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Garage doors: Any improvements on low infiltration, high R-value?

user-5946022 | Posted in Green Products and Materials on

I’ve read a few GBA discussions about the sorry state of garage door R value and infiltration. The conclusion was to look first for infiltration values, and then question the r-value because it probably does not apply to the entire door assembly.

I’m wondering if anyone has any updated information on any products that might be better that others, and hopefully something affordable.

In researching this, I found a commercial company that makes overhead type doors tested for infiltration. They claim infiltration test results as low as 25MPH/1.57PSF – 0.12 cfm/ft2. The downside is all their doors are metal; they don’t seem to offer a fiberglass or other composite door that has been tested for infiltration.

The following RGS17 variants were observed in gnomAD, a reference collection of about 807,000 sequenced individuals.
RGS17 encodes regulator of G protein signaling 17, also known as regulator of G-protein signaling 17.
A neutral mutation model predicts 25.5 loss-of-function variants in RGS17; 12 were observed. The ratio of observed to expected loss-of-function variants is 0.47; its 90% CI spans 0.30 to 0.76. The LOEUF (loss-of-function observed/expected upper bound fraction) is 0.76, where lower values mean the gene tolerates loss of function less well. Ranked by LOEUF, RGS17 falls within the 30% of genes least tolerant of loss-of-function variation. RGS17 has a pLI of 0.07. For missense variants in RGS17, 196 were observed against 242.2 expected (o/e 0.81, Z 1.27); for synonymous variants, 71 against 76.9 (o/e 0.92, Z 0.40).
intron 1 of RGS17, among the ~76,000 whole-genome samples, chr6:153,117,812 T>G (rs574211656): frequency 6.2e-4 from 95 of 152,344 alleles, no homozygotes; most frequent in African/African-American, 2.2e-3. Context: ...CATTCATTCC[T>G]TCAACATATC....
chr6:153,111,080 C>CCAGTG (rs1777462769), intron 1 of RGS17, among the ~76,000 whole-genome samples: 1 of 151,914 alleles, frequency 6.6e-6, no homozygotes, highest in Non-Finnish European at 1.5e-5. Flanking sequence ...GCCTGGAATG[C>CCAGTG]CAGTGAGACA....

The lowest infiltration is on steel doors, but to get those test results, you cannot add the option of windows on the steel doors.

They offer aluminum garage doors with both higher infiltration (Tested Air Infiltration @ 25 mph 0.24 cfm/ft2), and probably higher cost, but you can apparently add windows to the aluminum door and still meet the infiltration rate.

I’ll be calling next week to learn more about the AV200 and if it is an option for residential use.

Ideally, I would like to find a door that would be appropriate to use as a portion of an exterior wall for a conditioned space, to give the “loft” type feel.

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  1. GBA Editor
  2. severaltypesofnerd | | #2

    The door swing style seems to matter a lot. The barn door style is easy to weatherstrip, the roll doors not so much, and the swing up doors always have a gap in the middle. A sliding door may be an option in your described scenario.

  3. ethant | | #3

    Bryce, are you referring to side swinging doors? I wonder about how the track at the bottom is kept clean... or maybe there is no bottom track?

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